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Motivational Mondays: Simplify

Whether you think you can, or think you can’t, either way, you’re right. Right?

Attitude is the first step in creating results. I’m all about the power of positive thinking. But sometimes, I think of this saying and it just makes me want to roll my eyes. I think I can, I think I can, just isn’t enough! I need action. I need direction. Give me some tools and show me how to use them!

When I’m faced with a problem, particularly a plot problem, I dive in with a can do attitude and attack, adding conflict, twisting the plot, and sometimes, like with my paranormal romance Soul Search, I go a little too far. Blake Snyder’s Save the Cat! series refers to my plotting as Too Much Marzipan and I think it also contains Double Mumbo Jumbo.

Back in college, while my car was once again on the fritz, I borrowed my sister’s car for the week. Used to power steering, I was appalled at having to put all my weight and both arms to work to force her little beater to turn a corner. I asked her how in the world she managed to get anywhere, half expecting an insult to my scrawny muscles. She told me to put air in the tires. What the–? Air? Air. What did she think, I was stupid? Was she screwing with me? I went straight to the gas station for the sole sake of proving her wrong.

I cannot describe how pissed I was to drive home, able to steer the thing with one finger. She was right.

The lesson I learned is, oftentimes, the simplest solution is the best, right, solution. And though I have to remind myself every so often, it stuck. Keep it simple, sister.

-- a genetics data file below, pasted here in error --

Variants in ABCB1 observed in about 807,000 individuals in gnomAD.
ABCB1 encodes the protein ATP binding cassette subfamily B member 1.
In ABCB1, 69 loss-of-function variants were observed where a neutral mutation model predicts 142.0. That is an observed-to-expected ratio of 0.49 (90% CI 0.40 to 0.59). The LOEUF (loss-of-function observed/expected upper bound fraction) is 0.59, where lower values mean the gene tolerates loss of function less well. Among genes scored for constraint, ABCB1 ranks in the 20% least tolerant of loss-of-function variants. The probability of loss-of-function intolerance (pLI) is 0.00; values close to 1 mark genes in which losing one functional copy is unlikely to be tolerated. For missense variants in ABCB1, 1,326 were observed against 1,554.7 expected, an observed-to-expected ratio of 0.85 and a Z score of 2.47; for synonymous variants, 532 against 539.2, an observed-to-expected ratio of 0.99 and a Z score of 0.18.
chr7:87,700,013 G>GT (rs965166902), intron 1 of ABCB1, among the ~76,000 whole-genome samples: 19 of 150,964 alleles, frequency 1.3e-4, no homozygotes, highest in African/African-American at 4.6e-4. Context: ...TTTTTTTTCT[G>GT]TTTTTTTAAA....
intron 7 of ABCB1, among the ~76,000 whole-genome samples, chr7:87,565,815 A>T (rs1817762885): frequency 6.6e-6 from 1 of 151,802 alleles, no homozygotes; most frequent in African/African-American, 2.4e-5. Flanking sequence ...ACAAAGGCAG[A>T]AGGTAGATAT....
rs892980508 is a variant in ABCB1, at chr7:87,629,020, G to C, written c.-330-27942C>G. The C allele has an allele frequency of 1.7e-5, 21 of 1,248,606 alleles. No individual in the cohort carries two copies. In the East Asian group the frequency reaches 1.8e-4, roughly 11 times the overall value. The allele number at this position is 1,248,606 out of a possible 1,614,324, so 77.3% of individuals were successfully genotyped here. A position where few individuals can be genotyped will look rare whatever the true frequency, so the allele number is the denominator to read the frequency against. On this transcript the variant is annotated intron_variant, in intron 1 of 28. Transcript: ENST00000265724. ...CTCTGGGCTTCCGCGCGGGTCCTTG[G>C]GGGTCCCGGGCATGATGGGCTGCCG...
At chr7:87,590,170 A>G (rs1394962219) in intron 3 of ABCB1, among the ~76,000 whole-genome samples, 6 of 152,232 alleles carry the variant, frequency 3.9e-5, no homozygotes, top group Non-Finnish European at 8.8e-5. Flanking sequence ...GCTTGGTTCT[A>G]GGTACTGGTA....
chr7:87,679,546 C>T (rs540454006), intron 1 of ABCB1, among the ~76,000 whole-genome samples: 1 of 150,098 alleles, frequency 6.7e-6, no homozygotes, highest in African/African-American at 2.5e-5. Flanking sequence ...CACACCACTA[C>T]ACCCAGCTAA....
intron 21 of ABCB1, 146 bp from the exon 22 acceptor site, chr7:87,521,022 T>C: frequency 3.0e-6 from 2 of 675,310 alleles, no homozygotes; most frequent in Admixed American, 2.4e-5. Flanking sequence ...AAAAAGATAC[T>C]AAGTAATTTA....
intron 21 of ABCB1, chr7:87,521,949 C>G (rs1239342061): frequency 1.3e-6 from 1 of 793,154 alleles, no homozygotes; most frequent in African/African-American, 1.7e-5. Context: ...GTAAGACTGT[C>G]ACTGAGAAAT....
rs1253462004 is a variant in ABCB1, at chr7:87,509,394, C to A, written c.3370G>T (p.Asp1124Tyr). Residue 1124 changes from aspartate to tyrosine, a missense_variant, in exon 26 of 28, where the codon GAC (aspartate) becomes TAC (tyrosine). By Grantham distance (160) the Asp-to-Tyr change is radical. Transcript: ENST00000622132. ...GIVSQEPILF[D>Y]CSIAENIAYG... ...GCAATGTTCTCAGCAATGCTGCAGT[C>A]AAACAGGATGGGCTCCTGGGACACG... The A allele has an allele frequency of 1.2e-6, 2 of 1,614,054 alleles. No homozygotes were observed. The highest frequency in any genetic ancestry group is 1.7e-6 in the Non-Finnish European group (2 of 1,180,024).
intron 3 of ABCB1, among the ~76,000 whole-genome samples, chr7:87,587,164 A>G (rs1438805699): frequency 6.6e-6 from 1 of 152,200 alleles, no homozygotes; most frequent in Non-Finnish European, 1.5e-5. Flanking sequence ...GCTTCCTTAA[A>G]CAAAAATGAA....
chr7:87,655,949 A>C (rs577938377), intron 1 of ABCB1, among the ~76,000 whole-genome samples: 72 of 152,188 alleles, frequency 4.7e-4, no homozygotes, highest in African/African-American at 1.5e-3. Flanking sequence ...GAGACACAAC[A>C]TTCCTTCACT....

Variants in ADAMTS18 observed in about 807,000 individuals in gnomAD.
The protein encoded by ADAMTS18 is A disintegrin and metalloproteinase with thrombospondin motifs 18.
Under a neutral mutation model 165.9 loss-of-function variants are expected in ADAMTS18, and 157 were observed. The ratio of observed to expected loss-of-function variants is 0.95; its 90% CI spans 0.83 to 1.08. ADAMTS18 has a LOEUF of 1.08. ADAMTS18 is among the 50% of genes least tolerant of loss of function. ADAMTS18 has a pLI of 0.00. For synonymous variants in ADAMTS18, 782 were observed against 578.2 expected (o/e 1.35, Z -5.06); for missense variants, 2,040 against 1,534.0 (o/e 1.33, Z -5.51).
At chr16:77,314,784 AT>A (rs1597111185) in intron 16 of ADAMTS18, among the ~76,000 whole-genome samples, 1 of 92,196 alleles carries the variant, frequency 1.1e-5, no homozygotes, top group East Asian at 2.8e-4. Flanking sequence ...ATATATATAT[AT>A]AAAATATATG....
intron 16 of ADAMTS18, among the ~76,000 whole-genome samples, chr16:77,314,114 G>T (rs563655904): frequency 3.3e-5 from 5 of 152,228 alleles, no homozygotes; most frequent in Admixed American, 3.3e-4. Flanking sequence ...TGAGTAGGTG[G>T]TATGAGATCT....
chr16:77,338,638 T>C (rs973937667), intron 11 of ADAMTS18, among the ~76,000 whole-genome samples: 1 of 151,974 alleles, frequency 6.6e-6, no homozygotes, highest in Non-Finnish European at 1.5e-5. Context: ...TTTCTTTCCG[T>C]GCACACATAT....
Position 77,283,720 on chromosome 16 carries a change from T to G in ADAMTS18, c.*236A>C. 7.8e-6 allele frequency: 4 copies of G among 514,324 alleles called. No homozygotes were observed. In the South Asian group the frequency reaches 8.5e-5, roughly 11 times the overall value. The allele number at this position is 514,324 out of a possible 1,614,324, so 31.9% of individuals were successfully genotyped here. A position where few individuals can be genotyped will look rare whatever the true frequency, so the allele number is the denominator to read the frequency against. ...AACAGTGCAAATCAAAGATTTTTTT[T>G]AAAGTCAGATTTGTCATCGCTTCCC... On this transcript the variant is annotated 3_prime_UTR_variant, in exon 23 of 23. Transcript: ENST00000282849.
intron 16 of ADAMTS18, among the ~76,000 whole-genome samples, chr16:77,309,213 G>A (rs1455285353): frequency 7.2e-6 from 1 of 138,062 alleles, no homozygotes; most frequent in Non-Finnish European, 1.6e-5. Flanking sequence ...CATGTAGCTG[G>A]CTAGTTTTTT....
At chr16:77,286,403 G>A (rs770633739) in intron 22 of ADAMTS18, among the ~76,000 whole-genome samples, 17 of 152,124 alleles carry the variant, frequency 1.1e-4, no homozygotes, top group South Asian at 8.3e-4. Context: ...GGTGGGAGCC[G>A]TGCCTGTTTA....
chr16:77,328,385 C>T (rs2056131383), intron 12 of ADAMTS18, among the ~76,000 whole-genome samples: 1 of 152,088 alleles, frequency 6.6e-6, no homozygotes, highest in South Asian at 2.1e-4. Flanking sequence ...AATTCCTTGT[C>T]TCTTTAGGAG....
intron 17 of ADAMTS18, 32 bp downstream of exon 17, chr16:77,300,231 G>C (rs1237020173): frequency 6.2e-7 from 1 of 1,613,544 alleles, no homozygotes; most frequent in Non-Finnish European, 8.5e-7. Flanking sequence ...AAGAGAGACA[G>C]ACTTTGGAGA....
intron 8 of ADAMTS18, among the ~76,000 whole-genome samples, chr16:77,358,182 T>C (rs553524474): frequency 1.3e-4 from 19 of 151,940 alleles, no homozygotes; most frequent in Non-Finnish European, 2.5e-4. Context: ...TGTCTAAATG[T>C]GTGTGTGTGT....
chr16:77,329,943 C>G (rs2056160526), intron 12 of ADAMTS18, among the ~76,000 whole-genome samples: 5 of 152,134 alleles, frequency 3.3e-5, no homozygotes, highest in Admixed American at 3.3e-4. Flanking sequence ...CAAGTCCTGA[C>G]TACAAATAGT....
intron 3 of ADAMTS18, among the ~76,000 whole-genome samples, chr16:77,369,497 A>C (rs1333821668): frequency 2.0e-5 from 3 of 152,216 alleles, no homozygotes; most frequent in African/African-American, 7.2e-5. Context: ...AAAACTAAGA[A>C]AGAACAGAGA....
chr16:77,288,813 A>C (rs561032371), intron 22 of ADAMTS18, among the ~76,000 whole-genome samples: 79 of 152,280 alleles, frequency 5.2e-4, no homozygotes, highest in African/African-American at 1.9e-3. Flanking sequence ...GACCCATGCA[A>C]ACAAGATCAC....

Double Mumbo Jumbo and Too Much Marzipan refer to an author adding too many magical or high concept elements as an attempt to improve the plot. Really, both practices rob the story of it’s credibility and reader buy in. Soul Search, for example, has amnesia, time travel, a psychic, a guardian angel, a werewolf, vampires, and soul switching. Oh, and let us not forget, mentally conjuring objects out of thin air. Way too much going on here.

Next time you’re fighting to get a plot–or a problem–off the ground and flying high, ask yourself if all that muscle is really necessary. Maybe all you need is a little air in your tires. I hope this post gives you some today.

:}Amber Scott



About Amber Scott Project

Amber Scott writes romance across time and genre with three things in common: fate, love and complications. You can find her erotica titles at

5 responses »

  1. Donna Del Grosso

    How funny you came up with this yesterday, Amber. I know I told you but my scene needed air too. I think I added too much at first because it sent it so far off the ground I couldn’t catch it! So I went back and added a little at a time. Before I knew it, my scene had drifted to the ground and I was able to get in the “car” and actually feel the feelings! I love it when something like that works out!

  2. Great food for thought, Amber! For me, the air in the tires is usually emotion. If a scene seems flat, often what’s missing isn’t a new plot twist, but the human element, emotion…a good gut clenching, knee-jerking reaction to what’s happening. Thanks for the reminder.

    • Donna Del Grosso

      You’re right about that. As I read about the way my hero looked at my heroine, my stomach contorted and I kind of “got scared” for her. I knew the emotions showing in his eyes was going to be something she didn’t want to handle. Bad timing! very strange how the scene took off after that!

    • Amber Scott Project

      Wonderful tip, Donna! Thank you!

  3. I need to put some air in my tires lately. Great Monday motivational which I’m reading on Tuesday in preparation for Wednesday! I’m spreading out the motivation. Nice of your sister not to rub it in.

    Ann C.


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